Mornings on the corner of Gulfton and Rampart Streets are bustling. It’s one of the busiest intersections in the neighborhood, according to Sandra Rodriguez, President of the Super Neighborhood in Gulfton, where she has lived most her life.
“You’ll find a lot of people walking through here to drop off their kids at school or walking in the opposite direction to get to the grocery store or the only park that we got,” Rodriguez said.
This part of Southwest Houston is one of the most transit dependent neighborhoods in the city, according to the latest equity report from LINK Houston. Unlike many other parts of Harris County, the foot traffic, whether to get to a bus stop or elsewhere, is visible.
Rodriguez pointed out the hazards that drivers might gloss over, but that are glaringly obvious to pedestrians traversing the paths — a dearth of trees, narrow sidewalks and a bus stop without any shade. Rodriguez said the demand is high for a more walkable community.
“You can feel it [the heat] right now and it is 11 o’clock,” said Rodriguez on June 19th, a day when the heat index reached 115 degrees in the afternoon. “It’s not even the hottest point of the day, but you can already feel the heat.”
A 2020 heat mapping study run by the National Oceanic and Atmospheric Administration (NOAA) measured temperatures across Houston on one of the hottest days of the summer. Researchers found that Gulfton was the hottest neighborhood in Houston, in some instances 17 degrees hotter than other parts of town.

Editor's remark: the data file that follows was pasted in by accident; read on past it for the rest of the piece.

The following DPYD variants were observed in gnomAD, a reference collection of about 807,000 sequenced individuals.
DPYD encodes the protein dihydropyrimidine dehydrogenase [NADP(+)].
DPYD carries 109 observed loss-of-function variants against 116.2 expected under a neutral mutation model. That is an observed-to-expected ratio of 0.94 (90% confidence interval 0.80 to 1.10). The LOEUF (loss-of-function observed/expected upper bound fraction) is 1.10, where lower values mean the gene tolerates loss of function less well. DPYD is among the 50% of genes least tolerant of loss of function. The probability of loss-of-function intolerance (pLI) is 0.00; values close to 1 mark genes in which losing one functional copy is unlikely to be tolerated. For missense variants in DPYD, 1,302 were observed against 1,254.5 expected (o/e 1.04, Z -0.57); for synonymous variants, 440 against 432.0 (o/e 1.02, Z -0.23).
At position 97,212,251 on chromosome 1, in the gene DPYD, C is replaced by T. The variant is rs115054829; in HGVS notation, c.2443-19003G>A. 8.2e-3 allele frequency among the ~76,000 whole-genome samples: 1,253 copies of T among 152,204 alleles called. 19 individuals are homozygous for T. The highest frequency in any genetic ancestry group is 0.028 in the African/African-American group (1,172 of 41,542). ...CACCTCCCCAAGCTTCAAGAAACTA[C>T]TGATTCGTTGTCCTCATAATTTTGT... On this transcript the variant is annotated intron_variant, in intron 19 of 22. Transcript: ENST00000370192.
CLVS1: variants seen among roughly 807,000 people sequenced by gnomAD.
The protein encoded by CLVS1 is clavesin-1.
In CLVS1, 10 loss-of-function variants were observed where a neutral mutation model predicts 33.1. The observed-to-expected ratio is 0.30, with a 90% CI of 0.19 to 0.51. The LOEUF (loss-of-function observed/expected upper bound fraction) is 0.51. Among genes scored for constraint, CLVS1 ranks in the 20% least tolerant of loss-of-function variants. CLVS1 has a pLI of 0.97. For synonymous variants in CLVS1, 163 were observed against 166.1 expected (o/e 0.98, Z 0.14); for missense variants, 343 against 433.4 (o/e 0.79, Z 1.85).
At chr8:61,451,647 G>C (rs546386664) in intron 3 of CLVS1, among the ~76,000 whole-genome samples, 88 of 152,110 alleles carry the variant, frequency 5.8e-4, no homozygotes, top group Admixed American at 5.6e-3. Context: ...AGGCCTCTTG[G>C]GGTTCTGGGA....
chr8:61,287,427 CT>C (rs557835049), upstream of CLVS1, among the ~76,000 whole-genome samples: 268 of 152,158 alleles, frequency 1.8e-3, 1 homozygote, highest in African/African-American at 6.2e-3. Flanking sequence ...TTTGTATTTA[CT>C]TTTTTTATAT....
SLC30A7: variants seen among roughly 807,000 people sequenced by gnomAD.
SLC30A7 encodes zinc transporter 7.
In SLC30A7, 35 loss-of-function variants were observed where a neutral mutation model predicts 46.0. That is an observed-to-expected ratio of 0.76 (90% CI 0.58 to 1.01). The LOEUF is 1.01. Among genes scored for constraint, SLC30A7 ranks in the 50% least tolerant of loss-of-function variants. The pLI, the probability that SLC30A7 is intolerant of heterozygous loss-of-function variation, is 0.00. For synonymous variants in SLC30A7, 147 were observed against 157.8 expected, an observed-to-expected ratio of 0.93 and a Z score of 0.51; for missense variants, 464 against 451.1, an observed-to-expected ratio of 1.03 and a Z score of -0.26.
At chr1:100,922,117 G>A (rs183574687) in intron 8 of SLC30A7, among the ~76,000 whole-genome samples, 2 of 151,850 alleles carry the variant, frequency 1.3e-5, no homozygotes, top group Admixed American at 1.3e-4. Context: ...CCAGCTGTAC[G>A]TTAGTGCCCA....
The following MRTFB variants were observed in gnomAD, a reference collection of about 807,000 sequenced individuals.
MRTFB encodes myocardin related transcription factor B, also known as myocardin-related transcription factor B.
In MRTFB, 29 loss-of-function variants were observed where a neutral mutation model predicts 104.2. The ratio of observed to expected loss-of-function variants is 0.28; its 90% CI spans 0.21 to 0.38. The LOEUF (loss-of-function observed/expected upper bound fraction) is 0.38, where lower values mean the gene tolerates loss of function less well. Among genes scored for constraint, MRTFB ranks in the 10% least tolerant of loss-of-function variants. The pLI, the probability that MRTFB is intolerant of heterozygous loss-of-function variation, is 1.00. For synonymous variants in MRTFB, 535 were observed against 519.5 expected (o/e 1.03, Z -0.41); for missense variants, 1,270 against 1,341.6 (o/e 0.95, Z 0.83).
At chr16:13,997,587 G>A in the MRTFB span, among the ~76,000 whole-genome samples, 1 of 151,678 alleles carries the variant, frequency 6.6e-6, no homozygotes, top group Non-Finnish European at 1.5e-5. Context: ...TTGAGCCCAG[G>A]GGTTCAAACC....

In parts of Gulfton, just 4% of the area is shaded with trees, compared to areas like West University where the tree canopy covers more than 40% of the city, according to an analysis of data by Rice University’s Kinder Institute for Urban Research.
In recent years, about a half dozen organizations from outside Gulfton have teamed up with locals to improve the neighborhood, with a focus on incorporating nature to make the area cooler and more walkable.
Trees have been a main focus of the Greener Gulfton Plan, developed by the Nature Conservancy and several community groups. A recent study by Texas A&M Forest Service showed only 800 spots for new trees — roughly a 2 to 3 percent increase in tree canopy in the area.
Scrunched up sidewalks and the overabundance of concrete leaves little room for trees to grow. At least three feet of planting space is needed to allow a tree to thrive.
Jaime Gonzalez with the Nature Conservancy said that 800 trees is a good first step, but not enough to cool down the neighborhood. The need for shade is only growing as temperatures and humidity grow more intense in the wake of climate change.
“I think that there’s a lot of challenges for planting in a place like Gulfton,” said Gonzalez. “So there’s going to have to be a mixture of both tree planting and shade structures to really get to a more equitable solution for the neighborhood.”
A local architect firm, Ultrabarrio, created a mock up design that could provide shade on walkways too narrow for a tree. It includes a set of white trellises that could be adjusted to the size of the sidewalk. These would likely be placed on streets with high pedestrian traffic or areas around bus stops that can’t fit a standard shelter.